Sunday, August 26, 2012
The Odd Life of Timothy Green
The Odd Life of Timothy Green features sensitive performances by Jennifer Garner and Joel Edgerton as Cindy and Jim Green, a married couple suffering the loss of childlessness. Rosemarie DeWitt is excellent as Cindy’s sister, a mother of children she drives to be perfect while David Morse gives a solid performance as the father who was not always there for Jim. As Timothy Green, young CJ Adams is nicely understated, allowing his whimsically cute face to establish a wonderful presence. As mutual outcasts, Timothy and a dark-haired hippie girl named Joni, played sincerely by Odeya Rush, establish a kindred-spirit alliance as memorably touching as the relationship between Sam (Jared Gilman) and Suzy (Kara Hayward) in Wes Anderson’s Moonrise Kingdom. While Geoff Zanelli’s thoughtful musical score suits the film’s fanciful tone, the talented cinematography of John Toll captures the dazzle of autumn woods and the simple beauty of small-town America. In addition, the direction of John Hedges (writer for What’s Eating Gilbert Grape) makes up for any slips into silliness by keeping the pacing tight and carrying the story along to some delightful surprises. All of these strengths support an often powerful story about life and death; parenting, both good and bad; dealing with loss; coping with a child’s handicap; suffering ostracism and alienation; tolerating differences; persevering in the face of hopelessness; and gaining fulfillment in unexpected ways.
Sounds great! So let’s stop there. Oh, yeah, the story. I’ve told you what The Odd Life of Timothy Green is about, but I haven’t told you what it’s about. Okay, well, here goes. It’s about this couple, Jim and Cindy, and they are told they can’t have kids, so Cindy is at home crying, and Jim says they should hold one last hope, so they drink wine and write down their wishes for what their child would be like if they had one, each wish on a separate chit of paper, and they put the pieces of paper in a box, and they bury the box in Cindy’s vegetable garden, and I guess they have sex, but it only shows the bedroom light going out, but, hey, this is a Disney movie, and it rains even though there’s been a drought, and that night they find a ten-year-old boy named Timothy running around their house naked and muddy, and, uh, yeah, right, you guessed it, there’s a big muddy hole in Cindy’s garden as though something has grown right out of the box they buried, so that’s mind-blowing, yeah, but it beats dealing with adoption agencies (which is pointedly satirized by the film’s wraparound scenario in which Jim and Cindy are telling their bizarre tale to a dour adoption agent played by the ever-dour Shohreh Aghdashioo), and Timothy’s a cute, an enchanting little boy, except the one thing is, uh, here goes, he has leaves growing out of his ankles, but, hell, what are leaves growing out of ankles when you’ve finally got a kid and you didn’t have to go through an adoption agency or hire a surrogate mother who doesn’t want to give up the kid at the last minute and takes it to court, so they keep Timothy, and send him to school, a big mistake, because we know what kids are going to do to a boy like Timothy, and later the things Jim and Cindy wrote on the chits of paper all come true in one way or another, and Timothy is regarded as odd by some, but many are touched by him, and, finally, autumn comes and the leaves change color and fall, and Timothy’s leaves change color and fall . . .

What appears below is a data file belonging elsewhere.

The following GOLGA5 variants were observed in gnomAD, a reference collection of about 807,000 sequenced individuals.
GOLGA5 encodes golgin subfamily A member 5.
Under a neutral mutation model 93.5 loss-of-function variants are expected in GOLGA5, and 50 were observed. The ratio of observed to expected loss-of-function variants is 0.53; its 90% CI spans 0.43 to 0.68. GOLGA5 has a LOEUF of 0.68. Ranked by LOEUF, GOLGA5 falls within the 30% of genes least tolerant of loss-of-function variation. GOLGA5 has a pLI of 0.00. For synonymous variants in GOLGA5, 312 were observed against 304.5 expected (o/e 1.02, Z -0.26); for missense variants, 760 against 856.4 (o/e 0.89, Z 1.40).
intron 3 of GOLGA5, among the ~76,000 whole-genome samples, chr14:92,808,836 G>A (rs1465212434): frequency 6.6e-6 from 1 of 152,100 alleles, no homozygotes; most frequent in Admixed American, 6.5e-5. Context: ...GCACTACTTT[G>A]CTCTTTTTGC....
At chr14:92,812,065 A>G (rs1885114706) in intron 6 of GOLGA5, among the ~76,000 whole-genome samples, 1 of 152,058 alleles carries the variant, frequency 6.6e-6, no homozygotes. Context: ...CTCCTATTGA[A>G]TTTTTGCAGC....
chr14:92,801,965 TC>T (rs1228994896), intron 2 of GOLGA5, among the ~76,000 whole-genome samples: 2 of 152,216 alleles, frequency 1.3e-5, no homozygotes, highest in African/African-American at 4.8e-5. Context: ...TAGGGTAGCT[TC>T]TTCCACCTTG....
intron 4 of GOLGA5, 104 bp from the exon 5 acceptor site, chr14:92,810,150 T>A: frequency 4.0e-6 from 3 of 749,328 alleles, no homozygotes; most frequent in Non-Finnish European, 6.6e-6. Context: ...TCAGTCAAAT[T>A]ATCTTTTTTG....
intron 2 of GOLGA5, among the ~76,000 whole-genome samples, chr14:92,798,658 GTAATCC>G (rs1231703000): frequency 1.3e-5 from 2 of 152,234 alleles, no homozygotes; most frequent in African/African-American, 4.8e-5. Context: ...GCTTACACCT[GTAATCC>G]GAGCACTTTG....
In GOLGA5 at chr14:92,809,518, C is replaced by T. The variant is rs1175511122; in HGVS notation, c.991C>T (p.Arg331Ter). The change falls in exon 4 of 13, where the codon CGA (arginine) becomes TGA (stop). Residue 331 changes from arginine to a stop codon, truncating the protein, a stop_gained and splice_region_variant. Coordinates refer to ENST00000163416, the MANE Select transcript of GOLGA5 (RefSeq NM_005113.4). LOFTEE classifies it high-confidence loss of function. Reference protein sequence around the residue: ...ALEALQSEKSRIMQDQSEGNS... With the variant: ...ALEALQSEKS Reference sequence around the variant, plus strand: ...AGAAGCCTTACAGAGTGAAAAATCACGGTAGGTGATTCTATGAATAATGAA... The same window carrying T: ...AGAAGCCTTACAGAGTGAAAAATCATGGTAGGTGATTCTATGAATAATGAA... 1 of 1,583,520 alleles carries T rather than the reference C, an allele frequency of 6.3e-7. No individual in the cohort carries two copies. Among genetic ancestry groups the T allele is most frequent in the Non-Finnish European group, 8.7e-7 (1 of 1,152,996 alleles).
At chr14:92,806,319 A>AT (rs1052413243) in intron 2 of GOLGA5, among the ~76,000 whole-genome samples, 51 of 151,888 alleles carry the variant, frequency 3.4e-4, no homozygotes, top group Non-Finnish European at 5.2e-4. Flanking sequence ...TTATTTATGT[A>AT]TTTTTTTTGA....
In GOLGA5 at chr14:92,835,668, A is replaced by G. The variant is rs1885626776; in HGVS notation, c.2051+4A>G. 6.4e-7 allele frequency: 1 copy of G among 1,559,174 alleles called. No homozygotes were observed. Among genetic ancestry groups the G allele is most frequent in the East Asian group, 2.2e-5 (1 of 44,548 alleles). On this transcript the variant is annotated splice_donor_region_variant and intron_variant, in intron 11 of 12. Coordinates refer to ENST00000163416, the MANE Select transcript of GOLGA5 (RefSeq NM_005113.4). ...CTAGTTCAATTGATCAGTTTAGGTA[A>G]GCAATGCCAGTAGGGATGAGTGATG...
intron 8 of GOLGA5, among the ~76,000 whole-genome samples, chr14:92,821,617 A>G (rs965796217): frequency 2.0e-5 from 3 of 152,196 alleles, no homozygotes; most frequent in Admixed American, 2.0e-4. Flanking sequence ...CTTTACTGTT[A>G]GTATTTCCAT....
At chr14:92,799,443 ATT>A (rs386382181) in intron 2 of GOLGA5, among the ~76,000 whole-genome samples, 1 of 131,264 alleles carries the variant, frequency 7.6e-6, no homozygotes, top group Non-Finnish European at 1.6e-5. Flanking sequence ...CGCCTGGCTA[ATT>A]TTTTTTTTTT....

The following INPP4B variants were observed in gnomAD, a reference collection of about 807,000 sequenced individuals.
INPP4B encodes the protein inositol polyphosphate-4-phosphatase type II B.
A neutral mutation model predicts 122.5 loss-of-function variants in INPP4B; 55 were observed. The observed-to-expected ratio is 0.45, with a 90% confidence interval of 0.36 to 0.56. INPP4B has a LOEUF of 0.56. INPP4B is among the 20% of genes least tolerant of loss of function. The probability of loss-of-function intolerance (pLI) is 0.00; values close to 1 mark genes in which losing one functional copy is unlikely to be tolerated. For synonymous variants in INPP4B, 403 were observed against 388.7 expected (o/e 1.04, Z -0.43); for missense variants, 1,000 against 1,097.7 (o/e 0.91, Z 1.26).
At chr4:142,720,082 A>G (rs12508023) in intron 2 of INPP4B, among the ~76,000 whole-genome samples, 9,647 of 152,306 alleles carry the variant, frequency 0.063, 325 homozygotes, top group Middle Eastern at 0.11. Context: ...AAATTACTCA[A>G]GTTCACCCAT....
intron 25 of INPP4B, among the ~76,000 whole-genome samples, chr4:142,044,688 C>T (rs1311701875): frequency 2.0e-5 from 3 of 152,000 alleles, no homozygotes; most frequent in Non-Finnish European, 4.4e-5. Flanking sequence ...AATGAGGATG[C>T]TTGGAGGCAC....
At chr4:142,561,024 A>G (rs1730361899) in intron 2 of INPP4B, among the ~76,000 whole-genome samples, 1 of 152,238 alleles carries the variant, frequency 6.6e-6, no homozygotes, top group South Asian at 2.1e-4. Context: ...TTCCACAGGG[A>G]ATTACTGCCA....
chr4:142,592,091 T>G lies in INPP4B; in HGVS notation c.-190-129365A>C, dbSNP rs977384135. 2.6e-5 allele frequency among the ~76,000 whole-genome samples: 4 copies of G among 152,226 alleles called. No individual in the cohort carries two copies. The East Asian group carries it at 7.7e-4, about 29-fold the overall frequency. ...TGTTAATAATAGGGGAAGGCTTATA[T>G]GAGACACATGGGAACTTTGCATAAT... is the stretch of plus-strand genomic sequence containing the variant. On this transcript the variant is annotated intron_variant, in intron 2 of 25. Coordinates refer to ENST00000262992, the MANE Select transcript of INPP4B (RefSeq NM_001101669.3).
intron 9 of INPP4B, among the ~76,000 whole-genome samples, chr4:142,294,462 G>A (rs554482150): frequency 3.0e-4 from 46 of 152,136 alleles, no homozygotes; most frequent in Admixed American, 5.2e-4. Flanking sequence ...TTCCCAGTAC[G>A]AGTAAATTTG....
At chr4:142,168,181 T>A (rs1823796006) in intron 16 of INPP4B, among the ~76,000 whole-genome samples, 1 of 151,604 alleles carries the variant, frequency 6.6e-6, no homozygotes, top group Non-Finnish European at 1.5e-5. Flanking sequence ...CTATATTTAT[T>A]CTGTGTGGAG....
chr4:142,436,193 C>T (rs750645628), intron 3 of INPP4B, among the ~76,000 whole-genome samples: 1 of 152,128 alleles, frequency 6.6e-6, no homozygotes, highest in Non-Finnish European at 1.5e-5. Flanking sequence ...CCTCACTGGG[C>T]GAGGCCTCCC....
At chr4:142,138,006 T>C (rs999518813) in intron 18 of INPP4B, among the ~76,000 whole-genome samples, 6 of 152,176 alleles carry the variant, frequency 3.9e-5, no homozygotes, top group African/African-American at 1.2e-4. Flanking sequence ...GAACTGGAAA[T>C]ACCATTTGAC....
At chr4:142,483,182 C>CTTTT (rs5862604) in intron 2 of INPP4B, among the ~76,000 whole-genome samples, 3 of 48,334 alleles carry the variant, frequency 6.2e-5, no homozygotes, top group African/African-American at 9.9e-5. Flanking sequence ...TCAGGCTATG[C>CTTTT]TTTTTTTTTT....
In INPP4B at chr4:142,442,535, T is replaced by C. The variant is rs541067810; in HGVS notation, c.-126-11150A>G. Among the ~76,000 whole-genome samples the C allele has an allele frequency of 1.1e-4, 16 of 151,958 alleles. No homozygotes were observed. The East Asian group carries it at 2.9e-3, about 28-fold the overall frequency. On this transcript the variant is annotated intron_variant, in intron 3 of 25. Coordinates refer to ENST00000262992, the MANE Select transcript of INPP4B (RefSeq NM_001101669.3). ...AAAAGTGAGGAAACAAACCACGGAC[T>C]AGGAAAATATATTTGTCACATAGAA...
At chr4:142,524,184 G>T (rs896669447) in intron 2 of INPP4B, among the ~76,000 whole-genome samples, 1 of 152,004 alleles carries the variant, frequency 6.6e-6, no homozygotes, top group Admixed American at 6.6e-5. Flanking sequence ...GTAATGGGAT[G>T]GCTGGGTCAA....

Phew! Got that done. And now you expect me to tell you how silly this movie is. Well, I’m not gong to. Want me to tell you that it takes its premise to ridiculous extremes? Can’t do that either because it doesn’t. One of the best films of the year, The Odd Life of Timothy Green assumes the tone of a fable and delivers its many morals with charm and grace. Despite some of its simplistic, Disney Channel scenarios, it covers many serious topics very effectively. We’ve all suffered loss. There’s that something we’ll never get. This movie portrays that feeling sharply. Ever felt like an outcast? Ever yearned for a soul mate to share your alienation? This film captures the pain of that yearning. Ever been the parent of a child who is “different”? The Odd Life of Timothy Green zeroes in on that feeling sharply. This is not just a cute fairytale about a boy who brings joy and provides lessons and leaves people with the strength to go on. Behind Timothy’s cute face is an awareness of the hard things in life. Timothy knows what it means when the leaves fall.